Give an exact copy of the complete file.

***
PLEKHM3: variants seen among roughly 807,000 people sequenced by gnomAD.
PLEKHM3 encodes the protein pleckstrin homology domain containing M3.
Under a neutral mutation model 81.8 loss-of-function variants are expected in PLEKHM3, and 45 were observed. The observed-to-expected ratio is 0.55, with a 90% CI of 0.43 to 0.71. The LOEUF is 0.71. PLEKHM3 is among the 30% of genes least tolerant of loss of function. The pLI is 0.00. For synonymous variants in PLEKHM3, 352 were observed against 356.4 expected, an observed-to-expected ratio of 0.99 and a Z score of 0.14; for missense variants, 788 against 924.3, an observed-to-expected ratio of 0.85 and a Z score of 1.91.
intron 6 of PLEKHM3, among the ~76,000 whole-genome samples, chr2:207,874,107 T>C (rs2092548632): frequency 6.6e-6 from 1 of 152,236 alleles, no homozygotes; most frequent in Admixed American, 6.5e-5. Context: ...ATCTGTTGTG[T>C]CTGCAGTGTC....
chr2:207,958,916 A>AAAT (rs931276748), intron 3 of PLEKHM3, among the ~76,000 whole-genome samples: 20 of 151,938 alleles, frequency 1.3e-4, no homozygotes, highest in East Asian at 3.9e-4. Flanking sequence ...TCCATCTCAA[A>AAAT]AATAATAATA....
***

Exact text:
PLEKHM3: variants seen among roughly 807,000 people sequenced by gnomAD.
PLEKHM3 encodes the protein pleckstrin homology domain containing M3.
Under a neutral mutation model 81.8 loss-of-function variants are expected in PLEKHM3, and 45 were observed. The observed-to-expected ratio is 0.55, with a 90% CI of 0.43 to 0.71. The LOEUF is 0.71. PLEKHM3 is among the 30% of genes least tolerant of loss of function. The pLI is 0.00. For synonymous variants in PLEKHM3, 352 were observed against 356.4 expected, an observed-to-expected ratio of 0.99 and a Z score of 0.14; for missense variants, 788 against 924.3, an observed-to-expected ratio of 0.85 and a Z score of 1.91.
intron 6 of PLEKHM3, among the ~76,000 whole-genome samples, chr2:207,874,107 T>C (rs2092548632): frequency 6.6e-6 from 1 of 152,236 alleles, no homozygotes; most frequent in Admixed American, 6.5e-5. Context: ...ATCTGTTGTG[T>C]CTGCAGTGTC....
chr2:207,958,916 A>AAAT (rs931276748), intron 3 of PLEKHM3, among the ~76,000 whole-genome samples: 20 of 151,938 alleles, frequency 1.3e-4, no homozygotes, highest in East Asian at 3.9e-4. Flanking sequence ...TCCATCTCAA[A>AAAT]AATAATAATA....